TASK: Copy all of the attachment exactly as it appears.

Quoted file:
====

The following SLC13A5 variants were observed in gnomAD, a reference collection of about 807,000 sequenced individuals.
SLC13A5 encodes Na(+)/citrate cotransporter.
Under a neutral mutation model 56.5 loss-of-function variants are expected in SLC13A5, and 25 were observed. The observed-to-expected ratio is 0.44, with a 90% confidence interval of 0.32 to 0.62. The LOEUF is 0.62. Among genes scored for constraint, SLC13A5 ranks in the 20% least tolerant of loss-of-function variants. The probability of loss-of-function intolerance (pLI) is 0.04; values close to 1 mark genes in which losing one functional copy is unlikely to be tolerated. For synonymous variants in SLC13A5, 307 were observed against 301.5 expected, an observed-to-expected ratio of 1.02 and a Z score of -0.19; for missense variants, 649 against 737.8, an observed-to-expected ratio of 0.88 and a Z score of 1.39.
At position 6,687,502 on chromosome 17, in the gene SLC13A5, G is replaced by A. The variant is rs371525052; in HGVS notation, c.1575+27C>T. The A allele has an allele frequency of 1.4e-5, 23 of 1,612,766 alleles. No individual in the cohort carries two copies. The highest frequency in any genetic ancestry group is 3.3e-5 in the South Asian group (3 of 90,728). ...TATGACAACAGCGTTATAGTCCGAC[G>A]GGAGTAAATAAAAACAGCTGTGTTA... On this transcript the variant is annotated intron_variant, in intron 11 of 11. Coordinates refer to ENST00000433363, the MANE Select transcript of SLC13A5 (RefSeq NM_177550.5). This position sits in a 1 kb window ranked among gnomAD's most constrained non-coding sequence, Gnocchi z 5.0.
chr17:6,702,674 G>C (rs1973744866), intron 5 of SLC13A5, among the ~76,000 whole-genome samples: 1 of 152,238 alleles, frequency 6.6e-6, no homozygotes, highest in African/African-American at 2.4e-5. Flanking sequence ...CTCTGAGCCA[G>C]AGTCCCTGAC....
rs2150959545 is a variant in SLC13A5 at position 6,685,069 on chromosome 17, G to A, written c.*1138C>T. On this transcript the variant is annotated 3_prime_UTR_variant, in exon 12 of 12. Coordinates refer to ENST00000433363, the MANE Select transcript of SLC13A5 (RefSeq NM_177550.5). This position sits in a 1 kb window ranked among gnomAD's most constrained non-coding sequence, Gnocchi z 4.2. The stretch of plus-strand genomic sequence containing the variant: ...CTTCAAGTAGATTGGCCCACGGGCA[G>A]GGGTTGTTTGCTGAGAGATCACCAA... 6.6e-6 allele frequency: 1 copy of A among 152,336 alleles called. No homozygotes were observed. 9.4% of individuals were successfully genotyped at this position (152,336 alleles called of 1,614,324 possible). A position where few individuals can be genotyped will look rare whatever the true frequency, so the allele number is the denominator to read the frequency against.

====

The following SLC13A5 variants were observed in gnomAD, a reference collection of about 807,000 sequenced individuals.
SLC13A5 encodes Na(+)/citrate cotransporter.
Under a neutral mutation model 56.5 loss-of-function variants are expected in SLC13A5, and 25 were observed. The observed-to-expected ratio is 0.44, with a 90% confidence interval of 0.32 to 0.62. The LOEUF is 0.62. Among genes scored for constraint, SLC13A5 ranks in the 20% least tolerant of loss-of-function variants. The probability of loss-of-function intolerance (pLI) is 0.04; values close to 1 mark genes in which losing one functional copy is unlikely to be tolerated. For synonymous variants in SLC13A5, 307 were observed against 301.5 expected, an observed-to-expected ratio of 1.02 and a Z score of -0.19; for missense variants, 649 against 737.8, an observed-to-expected ratio of 0.88 and a Z score of 1.39.
At position 6,687,502 on chromosome 17, in the gene SLC13A5, G is replaced by A. The variant is rs371525052; in HGVS notation, c.1575+27C>T. The A allele has an allele frequency of 1.4e-5, 23 of 1,612,766 alleles. No individual in the cohort carries two copies. The highest frequency in any genetic ancestry group is 3.3e-5 in the South Asian group (3 of 90,728). ...TATGACAACAGCGTTATAGTCCGAC[G>A]GGAGTAAATAAAAACAGCTGTGTTA... On this transcript the variant is annotated intron_variant, in intron 11 of 11. Coordinates refer to ENST00000433363, the MANE Select transcript of SLC13A5 (RefSeq NM_177550.5). This position sits in a 1 kb window ranked among gnomAD's most constrained non-coding sequence, Gnocchi z 5.0.
chr17:6,702,674 G>C (rs1973744866), intron 5 of SLC13A5, among the ~76,000 whole-genome samples: 1 of 152,238 alleles, frequency 6.6e-6, no homozygotes, highest in African/African-American at 2.4e-5. Flanking sequence ...CTCTGAGCCA[G>C]AGTCCCTGAC....
rs2150959545 is a variant in SLC13A5 at position 6,685,069 on chromosome 17, G to A, written c.*1138C>T. On this transcript the variant is annotated 3_prime_UTR_variant, in exon 12 of 12. Coordinates refer to ENST00000433363, the MANE Select transcript of SLC13A5 (RefSeq NM_177550.5). This position sits in a 1 kb window ranked among gnomAD's most constrained non-coding sequence, Gnocchi z 4.2. The stretch of plus-strand genomic sequence containing the variant: ...CTTCAAGTAGATTGGCCCACGGGCA[G>A]GGGTTGTTTGCTGAGAGATCACCAA... 6.6e-6 allele frequency: 1 copy of A among 152,336 alleles called. No homozygotes were observed. 9.4% of individuals were successfully genotyped at this position (152,336 alleles called of 1,614,324 possible). A position where few individuals can be genotyped will look rare whatever the true frequency, so the allele number is the denominator to read the frequency against.